The Son Also Rises: Policy Implications

What could policymakers do to apply the results of The Son Also Rises: Surnames and the History of Social Mobility? (see my previous posting regarding this book for context)

Countries that accept immigrants could adjust their criteria, including “point systems”, to include factors that the author, Professor Gregory Clark, says are likely to make people and their descendants successful. Instead of simply asking about the education of the potential immigrant, for example, priority for immigration might include the education of the potential immigrant’s parents, grandparents, and other relatives (especially important here in the U.S. because those members of the extended family are often entitled to immigrate here as well).

Countries anxious to have a lot of future high-bracket taxpayers could encourage “high status” and “socially competent” parents to have more children. What would that look like? In terms of financial incentives, pretty much the opposite of the current U.S. system. For example, the IRS reduces your taxable income by $ 3,950 for each child. But under the “Phaseout of exemptions,” this benefit begins to disappear when a single person’s income is $ 254,200. Why not have the child exemption be a percentage of income so that it is significant even for high-income parents? As a starting point, since in theory each state has already calculated the cost of rearing children for its child support guidelines (federal law requires that “economic data” be used to create these and they’re supposed to reflect actual spending by parents on children), a married couple with two children could deduct the child support amount that the children would generate if one parent were to sue the other in their state of residence.

A lot of “high status” and “socially competent” women have important jobs these days and don’t want to take time off work to be pregnant, give birth, care for children, etc. The government could clean up some of the laws and regulations around surrogacy so that it was easier and cheaper to hire a surrogate (see this posting for how the woman who carries the baby gets paid less than the paper shufflers). The government could also expand the number of agencies that can bring in au pairs so that au pairs were cheaper (right now just a handful of agencies are selected by the U.S. government and they earn monopoly-style profits). If the expanded tax exemption system above is not implemented, the government could make payments to a nanny or au pair fully tax-deductible, thereby taxing working parents only on the profit that they make from work rather than the revenue.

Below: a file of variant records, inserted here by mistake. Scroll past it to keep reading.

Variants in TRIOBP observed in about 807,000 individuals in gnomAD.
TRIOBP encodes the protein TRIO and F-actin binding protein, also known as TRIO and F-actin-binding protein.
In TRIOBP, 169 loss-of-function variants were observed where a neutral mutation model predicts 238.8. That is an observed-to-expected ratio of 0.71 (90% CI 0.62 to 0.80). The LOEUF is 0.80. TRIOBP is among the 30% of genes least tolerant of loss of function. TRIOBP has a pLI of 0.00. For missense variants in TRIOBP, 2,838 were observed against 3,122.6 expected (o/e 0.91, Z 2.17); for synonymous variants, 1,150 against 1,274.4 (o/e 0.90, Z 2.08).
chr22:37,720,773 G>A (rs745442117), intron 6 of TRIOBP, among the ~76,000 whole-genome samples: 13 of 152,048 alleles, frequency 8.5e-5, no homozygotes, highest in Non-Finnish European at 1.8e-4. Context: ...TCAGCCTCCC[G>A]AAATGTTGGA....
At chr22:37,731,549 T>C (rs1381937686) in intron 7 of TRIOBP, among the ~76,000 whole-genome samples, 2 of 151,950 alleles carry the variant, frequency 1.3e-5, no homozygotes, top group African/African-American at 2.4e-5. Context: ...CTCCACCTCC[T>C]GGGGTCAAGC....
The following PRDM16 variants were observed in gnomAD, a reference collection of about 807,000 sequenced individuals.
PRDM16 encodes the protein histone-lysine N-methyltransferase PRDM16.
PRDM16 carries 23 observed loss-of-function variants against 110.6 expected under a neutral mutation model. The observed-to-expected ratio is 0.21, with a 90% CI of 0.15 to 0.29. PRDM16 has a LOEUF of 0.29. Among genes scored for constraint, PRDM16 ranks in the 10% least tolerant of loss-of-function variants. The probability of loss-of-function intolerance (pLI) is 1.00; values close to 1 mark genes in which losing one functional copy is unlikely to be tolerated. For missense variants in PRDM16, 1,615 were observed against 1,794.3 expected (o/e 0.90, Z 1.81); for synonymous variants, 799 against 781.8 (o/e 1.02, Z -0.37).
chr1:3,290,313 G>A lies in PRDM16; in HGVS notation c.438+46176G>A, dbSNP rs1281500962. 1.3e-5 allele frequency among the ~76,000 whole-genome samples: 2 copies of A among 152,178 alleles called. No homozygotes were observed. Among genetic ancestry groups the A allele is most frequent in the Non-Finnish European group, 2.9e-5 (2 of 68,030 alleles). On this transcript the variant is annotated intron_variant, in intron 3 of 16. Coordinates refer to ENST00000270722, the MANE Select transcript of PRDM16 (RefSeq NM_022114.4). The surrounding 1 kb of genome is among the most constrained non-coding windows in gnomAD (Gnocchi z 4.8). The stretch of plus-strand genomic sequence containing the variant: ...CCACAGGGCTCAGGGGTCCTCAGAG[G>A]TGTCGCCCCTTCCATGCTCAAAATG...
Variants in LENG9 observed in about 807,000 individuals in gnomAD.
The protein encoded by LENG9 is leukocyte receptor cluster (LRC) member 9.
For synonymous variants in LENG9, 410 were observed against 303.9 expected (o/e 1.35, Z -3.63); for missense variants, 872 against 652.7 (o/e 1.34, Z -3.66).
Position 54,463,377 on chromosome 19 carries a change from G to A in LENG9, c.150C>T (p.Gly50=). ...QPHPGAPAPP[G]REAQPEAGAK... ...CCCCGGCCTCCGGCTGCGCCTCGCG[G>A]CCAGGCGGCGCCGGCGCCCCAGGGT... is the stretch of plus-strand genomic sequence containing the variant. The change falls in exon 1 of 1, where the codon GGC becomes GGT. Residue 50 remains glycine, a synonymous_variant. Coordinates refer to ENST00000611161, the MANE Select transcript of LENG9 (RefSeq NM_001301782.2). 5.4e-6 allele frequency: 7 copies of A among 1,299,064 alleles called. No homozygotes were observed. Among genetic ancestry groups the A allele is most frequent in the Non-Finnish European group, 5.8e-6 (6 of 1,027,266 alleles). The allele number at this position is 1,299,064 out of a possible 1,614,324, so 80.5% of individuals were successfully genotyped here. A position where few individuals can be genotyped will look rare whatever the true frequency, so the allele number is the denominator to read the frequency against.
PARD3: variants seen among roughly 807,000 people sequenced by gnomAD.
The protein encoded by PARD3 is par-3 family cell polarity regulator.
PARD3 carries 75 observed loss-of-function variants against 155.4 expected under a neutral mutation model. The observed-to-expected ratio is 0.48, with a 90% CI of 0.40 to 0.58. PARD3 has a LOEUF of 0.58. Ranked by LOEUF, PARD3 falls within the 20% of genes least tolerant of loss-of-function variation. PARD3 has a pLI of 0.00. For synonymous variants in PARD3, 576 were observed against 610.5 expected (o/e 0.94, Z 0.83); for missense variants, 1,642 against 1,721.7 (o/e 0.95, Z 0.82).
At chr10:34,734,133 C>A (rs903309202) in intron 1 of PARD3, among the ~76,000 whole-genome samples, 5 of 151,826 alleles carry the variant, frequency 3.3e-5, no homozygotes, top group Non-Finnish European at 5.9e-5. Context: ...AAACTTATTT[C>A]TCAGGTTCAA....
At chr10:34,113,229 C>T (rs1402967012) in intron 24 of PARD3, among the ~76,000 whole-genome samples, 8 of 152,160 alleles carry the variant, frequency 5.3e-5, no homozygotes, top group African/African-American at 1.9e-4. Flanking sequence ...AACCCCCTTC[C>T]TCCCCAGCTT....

A lot of “high status” and “socially competent” people are abandoning the suburbs due to traffic congestion (previous posting). Even if they have a high income to go with their high status, the cost of rearing multiple children in the city may be unaffordable due to the cost per square foot of real estate and the need for private school. These people might have more children if either (a) congestion pricing were implemented so that it was possible to live in the suburbs and commute, or (b) schools in the city were improved to the point where high-status parents wanted to send their kids there. (I put forward some ideas for improving schools in my Economic Recovery Plan document.)

What do readers who’ve read Clark’s book think? What other policies would change if we were to put these results to use?

Philip Greenspun’s Weblog

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